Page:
In its latest threat assessment, the National Crime Agency (NCA) has estimated that at least 70,000 people are currently engaged in serious organised crime in the UK, with upwards of £12bn in criminal cash generated annually.
With statistics such as this in mind, the SRA has published details of the work that it has carried out to make sure solicitors keep criminals from using the profession to launder money.
In its first professional supervisor report, the SRA has set out details of the work that it has undertaken over the past 12 months to help firms make sure their processes are effective and followed properly. That includes action taken against those firms that failed to take their obligations seriously. Doing so is a recent requirement placed on all supervisors by both the Money Laundering Regulations and guidance by the Office for Professional Body Anti-money laundering Supervision (OPBAS) and HM Treasury.
The SRA reports that a total of 85 firm visits took place, offering guidance on issues such as tax advice (the definition of which was expanded by the regulations this year) with another 168 desk-based reviews taking place. The most common reason for non-compliance with the anti-money laundering regulations was not having a proper risk assessment in place for AML matters, while other issues included poor client due diligence and checks on the source of funds.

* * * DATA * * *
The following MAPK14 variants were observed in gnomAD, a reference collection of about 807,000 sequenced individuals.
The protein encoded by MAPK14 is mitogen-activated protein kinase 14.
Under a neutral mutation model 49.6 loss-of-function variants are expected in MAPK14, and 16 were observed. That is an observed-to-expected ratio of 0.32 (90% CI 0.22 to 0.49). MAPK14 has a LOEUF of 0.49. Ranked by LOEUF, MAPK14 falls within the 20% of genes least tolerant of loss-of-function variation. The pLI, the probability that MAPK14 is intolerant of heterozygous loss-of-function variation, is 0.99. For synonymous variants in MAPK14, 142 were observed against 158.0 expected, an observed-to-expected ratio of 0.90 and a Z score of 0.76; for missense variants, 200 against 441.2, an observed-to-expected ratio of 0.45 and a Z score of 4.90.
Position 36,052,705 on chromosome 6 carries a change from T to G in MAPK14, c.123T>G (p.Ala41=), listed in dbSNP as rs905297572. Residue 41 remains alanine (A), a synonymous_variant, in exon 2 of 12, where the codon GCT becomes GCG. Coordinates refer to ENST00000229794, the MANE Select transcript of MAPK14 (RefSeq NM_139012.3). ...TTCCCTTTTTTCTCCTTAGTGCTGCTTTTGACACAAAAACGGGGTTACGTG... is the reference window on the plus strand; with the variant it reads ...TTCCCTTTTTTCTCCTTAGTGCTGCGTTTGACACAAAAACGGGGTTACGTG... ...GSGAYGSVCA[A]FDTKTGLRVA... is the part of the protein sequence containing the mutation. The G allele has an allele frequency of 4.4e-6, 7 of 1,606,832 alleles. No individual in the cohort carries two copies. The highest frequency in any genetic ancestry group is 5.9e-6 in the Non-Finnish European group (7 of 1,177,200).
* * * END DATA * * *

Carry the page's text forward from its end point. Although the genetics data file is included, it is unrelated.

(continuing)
A failure of staff to follow procedures, inadequate training or supervision, and poor policies were other reasons for breaches of the regulations. There were 273 reports of potential AML breaches made to the SRA resulting in 29 enforcement actions and total fines of £160,000 being issued. The SRA also made 39 suspicious activity reports (SARs) to the National Crime Agency.
Anna Bradley, Chair of the SRA Board, said:
‘Money laundering allows some of the worst crimes in society to be profitable. Our commitment to stamping it out is clear.
‘I know from our discussions with local law societies that meeting their obligations is something that matters a lot to the profession. The overwhelming majority want to do the right thing, but there is still a small but nonetheless significant proportion of firms which are just not doing enough to prevent money laundering. As well as allowing criminals to profit from their actions, they undermine the trust consumers place in the profession, damaging confidence in the rule of law and the administration of justice.
We take our role as an AML supervisor very seriously, as this review of our work in 2020/21 demonstrates. I would urge all firms and solicitors to take the steps needed to meet their obligations.’
To access the SRA’s report go to “Our Anti-Money Laundering Work” on the SRA website.